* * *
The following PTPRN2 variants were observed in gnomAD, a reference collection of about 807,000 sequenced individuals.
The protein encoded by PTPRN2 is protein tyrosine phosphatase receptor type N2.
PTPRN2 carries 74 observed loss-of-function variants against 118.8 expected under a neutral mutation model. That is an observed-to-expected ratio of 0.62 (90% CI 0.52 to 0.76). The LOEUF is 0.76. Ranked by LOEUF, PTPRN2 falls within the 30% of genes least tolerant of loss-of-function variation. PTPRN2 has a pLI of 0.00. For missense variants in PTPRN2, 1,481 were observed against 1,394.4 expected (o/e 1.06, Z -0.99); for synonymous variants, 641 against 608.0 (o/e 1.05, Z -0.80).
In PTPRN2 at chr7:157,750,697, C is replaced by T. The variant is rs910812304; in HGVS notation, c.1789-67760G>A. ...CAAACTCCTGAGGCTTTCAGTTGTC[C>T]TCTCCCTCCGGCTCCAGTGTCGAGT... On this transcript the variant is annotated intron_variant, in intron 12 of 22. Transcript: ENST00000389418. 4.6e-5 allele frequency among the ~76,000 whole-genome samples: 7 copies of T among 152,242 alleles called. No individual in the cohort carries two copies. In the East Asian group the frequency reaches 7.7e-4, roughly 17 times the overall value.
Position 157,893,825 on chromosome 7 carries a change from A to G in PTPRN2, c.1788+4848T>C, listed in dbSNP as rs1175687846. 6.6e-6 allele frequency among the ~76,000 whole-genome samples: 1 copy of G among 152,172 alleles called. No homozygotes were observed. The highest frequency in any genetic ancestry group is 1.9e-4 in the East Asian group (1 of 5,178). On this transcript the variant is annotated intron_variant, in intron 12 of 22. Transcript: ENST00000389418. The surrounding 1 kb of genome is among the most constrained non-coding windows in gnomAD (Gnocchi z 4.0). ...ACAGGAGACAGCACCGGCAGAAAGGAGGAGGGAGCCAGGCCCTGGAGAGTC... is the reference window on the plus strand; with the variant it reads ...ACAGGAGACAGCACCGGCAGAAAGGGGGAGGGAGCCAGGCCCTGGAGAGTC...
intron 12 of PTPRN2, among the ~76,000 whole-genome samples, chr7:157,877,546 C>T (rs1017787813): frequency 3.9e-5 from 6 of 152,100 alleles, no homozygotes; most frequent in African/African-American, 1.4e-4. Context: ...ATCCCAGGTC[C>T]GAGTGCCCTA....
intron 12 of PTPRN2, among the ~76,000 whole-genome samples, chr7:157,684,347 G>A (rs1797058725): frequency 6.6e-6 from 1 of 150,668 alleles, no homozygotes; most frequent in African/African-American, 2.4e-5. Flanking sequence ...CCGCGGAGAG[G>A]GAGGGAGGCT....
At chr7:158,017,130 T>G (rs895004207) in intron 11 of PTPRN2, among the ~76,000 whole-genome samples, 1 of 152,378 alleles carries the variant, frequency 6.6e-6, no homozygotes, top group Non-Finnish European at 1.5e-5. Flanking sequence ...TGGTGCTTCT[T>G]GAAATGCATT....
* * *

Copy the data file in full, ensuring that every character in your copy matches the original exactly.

The following PTPRN2 variants were observed in gnomAD, a reference collection of about 807,000 sequenced individuals.
The protein encoded by PTPRN2 is protein tyrosine phosphatase receptor type N2.
PTPRN2 carries 74 observed loss-of-function variants against 118.8 expected under a neutral mutation model. That is an observed-to-expected ratio of 0.62 (90% CI 0.52 to 0.76). The LOEUF is 0.76. Ranked by LOEUF, PTPRN2 falls within the 30% of genes least tolerant of loss-of-function variation. PTPRN2 has a pLI of 0.00. For missense variants in PTPRN2, 1,481 were observed against 1,394.4 expected (o/e 1.06, Z -0.99); for synonymous variants, 641 against 608.0 (o/e 1.05, Z -0.80).
In PTPRN2 at chr7:157,750,697, C is replaced by T. The variant is rs910812304; in HGVS notation, c.1789-67760G>A. ...CAAACTCCTGAGGCTTTCAGTTGTC[C>T]TCTCCCTCCGGCTCCAGTGTCGAGT... On this transcript the variant is annotated intron_variant, in intron 12 of 22. Transcript: ENST00000389418. 4.6e-5 allele frequency among the ~76,000 whole-genome samples: 7 copies of T among 152,242 alleles called. No individual in the cohort carries two copies. In the East Asian group the frequency reaches 7.7e-4, roughly 17 times the overall value.
Position 157,893,825 on chromosome 7 carries a change from A to G in PTPRN2, c.1788+4848T>C, listed in dbSNP as rs1175687846. 6.6e-6 allele frequency among the ~76,000 whole-genome samples: 1 copy of G among 152,172 alleles called. No homozygotes were observed. The highest frequency in any genetic ancestry group is 1.9e-4 in the East Asian group (1 of 5,178). On this transcript the variant is annotated intron_variant, in intron 12 of 22. Transcript: ENST00000389418. The surrounding 1 kb of genome is among the most constrained non-coding windows in gnomAD (Gnocchi z 4.0). ...ACAGGAGACAGCACCGGCAGAAAGGAGGAGGGAGCCAGGCCCTGGAGAGTC... is the reference window on the plus strand; with the variant it reads ...ACAGGAGACAGCACCGGCAGAAAGGGGGAGGGAGCCAGGCCCTGGAGAGTC...
intron 12 of PTPRN2, among the ~76,000 whole-genome samples, chr7:157,877,546 C>T (rs1017787813): frequency 3.9e-5 from 6 of 152,100 alleles, no homozygotes; most frequent in African/African-American, 1.4e-4. Context: ...ATCCCAGGTC[C>T]GAGTGCCCTA....
intron 12 of PTPRN2, among the ~76,000 whole-genome samples, chr7:157,684,347 G>A (rs1797058725): frequency 6.6e-6 from 1 of 150,668 alleles, no homozygotes; most frequent in African/African-American, 2.4e-5. Flanking sequence ...CCGCGGAGAG[G>A]GAGGGAGGCT....
At chr7:158,017,130 T>G (rs895004207) in intron 11 of PTPRN2, among the ~76,000 whole-genome samples, 1 of 152,378 alleles carries the variant, frequency 6.6e-6, no homozygotes, top group Non-Finnish European at 1.5e-5. Flanking sequence ...TGGTGCTTCT[T>G]GAAATGCATT....